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Dr. Helen

Why is the participation rate of men in the workforce so low?

September 7th, 2012 - 9:29 am

Daily Mail: “The 69.9 per cent labor force participation rate for men is at lowest level ever recorded.”

This statistic that I saw on Drudge got me thinking about something I read in Charles Murray’s book Coming Apart: The State of White America, 1960-2010. Murray started looking at male employment in two towns–Fishtown and Belmont– prior to the recession and had this to say on page 181 of his book:

To sum up: There is no evidence that men without jobs in the 2000s before the 2008 recession hit were trying hard to find work but failing. It was undoubtedly true of some, but not true of the average jobless man. The simpler explanation is that white males of the 2000s were less industrious than they had been twenty, thirty, or fifty years ago, and that the decay in industriousness occurred overwhelmingly in Fishtown.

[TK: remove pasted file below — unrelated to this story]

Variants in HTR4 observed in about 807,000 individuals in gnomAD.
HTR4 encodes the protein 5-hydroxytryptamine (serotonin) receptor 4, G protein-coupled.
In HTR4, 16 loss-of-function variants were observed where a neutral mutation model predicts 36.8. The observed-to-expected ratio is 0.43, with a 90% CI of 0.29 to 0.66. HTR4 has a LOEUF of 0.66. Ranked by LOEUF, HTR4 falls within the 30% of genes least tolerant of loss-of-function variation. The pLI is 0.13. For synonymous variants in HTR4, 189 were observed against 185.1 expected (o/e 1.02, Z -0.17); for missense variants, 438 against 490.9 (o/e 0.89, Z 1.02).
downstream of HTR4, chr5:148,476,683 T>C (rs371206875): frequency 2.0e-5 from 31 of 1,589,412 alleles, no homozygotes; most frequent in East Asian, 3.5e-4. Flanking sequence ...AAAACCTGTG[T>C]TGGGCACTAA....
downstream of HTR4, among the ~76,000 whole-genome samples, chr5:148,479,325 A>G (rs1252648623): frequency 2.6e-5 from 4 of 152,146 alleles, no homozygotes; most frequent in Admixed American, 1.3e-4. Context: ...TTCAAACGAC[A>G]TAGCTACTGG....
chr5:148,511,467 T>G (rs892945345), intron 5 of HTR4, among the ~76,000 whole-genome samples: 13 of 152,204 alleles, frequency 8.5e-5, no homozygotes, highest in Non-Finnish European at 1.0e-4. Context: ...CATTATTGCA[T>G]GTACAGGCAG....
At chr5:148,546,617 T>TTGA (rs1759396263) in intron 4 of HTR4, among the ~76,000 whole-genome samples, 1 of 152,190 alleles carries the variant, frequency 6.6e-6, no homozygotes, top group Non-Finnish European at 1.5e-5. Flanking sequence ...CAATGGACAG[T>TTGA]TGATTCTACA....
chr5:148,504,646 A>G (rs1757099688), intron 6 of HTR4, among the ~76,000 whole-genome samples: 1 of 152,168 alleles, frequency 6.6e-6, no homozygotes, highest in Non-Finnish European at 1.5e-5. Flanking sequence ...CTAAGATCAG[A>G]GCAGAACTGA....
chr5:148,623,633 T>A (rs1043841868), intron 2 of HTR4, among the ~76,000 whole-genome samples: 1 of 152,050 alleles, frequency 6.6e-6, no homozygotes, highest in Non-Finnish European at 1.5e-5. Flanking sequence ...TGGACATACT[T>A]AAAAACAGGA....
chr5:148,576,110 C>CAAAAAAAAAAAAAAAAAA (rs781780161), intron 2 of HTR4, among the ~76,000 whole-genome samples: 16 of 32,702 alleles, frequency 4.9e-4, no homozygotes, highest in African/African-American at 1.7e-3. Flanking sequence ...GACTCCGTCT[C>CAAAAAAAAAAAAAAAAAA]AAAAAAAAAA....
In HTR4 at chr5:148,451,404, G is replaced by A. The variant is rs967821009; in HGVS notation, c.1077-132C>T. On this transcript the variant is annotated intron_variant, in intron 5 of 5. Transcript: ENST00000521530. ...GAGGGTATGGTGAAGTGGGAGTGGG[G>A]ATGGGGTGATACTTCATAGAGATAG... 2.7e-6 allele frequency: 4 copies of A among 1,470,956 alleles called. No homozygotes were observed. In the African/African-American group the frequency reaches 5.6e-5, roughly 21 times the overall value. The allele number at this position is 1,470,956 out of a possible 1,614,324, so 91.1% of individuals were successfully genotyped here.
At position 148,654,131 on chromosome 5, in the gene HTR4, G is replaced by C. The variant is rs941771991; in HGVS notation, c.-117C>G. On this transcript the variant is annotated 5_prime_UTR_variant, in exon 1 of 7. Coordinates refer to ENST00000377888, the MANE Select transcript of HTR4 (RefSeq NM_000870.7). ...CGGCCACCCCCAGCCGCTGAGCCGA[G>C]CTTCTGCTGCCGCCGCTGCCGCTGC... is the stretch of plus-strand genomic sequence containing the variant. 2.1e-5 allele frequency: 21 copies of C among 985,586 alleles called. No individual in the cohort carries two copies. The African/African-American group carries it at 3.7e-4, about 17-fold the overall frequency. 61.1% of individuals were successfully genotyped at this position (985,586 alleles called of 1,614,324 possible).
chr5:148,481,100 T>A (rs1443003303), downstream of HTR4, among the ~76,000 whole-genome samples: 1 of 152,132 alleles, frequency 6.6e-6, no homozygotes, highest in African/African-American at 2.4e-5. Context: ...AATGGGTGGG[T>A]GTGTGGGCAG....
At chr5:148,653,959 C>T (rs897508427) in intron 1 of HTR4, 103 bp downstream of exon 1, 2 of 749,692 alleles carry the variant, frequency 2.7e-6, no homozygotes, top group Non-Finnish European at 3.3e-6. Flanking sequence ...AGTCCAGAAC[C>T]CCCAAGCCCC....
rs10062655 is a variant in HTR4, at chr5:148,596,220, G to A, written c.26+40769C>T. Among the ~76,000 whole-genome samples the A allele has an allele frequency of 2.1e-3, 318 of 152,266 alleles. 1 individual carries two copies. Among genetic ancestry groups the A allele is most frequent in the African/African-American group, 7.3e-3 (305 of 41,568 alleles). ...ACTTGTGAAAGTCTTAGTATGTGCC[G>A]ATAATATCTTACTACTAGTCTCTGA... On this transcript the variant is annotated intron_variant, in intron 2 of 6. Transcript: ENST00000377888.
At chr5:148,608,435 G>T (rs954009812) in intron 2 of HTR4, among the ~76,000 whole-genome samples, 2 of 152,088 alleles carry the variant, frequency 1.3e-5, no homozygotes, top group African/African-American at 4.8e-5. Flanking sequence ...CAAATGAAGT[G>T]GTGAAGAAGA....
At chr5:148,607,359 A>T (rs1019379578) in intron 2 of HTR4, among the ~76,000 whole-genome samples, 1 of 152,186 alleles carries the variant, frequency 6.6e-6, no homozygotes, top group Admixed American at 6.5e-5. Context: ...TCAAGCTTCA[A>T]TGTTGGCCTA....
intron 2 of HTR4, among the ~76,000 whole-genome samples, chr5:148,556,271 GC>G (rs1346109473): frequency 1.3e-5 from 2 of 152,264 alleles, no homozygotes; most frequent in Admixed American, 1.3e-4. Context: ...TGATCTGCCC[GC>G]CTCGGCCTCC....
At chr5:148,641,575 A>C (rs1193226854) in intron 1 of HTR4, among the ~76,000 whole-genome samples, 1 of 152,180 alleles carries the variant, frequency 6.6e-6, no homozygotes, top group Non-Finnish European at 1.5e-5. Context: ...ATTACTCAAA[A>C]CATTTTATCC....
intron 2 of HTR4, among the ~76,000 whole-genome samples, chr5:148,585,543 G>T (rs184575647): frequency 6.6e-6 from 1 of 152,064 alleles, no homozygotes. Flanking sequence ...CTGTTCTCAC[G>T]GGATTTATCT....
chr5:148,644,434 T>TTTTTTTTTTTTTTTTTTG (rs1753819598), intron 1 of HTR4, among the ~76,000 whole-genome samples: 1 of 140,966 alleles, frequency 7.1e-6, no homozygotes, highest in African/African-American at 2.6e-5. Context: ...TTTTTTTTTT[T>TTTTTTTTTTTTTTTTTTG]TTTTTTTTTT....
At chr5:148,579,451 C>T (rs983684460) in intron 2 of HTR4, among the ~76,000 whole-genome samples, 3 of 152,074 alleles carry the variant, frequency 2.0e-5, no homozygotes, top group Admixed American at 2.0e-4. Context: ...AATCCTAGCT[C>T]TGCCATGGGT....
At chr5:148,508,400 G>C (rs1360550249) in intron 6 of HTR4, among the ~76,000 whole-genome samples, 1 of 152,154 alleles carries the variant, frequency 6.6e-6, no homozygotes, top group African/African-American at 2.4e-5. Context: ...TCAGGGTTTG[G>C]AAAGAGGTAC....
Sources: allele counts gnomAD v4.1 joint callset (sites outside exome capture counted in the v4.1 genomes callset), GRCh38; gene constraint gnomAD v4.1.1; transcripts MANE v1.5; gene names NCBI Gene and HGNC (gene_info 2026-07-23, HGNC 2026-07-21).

Murray points out that prime-age men are much more than three times as likely to be out of the labor force if they are unmarried. He also found that these men were spending much more of their time on leisure activities.

So, as I ponder this data, I wonder if men are going Galt, staying home and collecting unemployment or no longer need jobs because they don’t get married as often? Or is it that they just can’t get a job because the industries they work in are no longer hiring? Could the Obama administration also be part of the problem, focusing only on women’s jobs and not on those of men? Or a combination of these. What do you think?

Also read: Behind the Unemployment Numbers: It’s Worse than You Can Imagine

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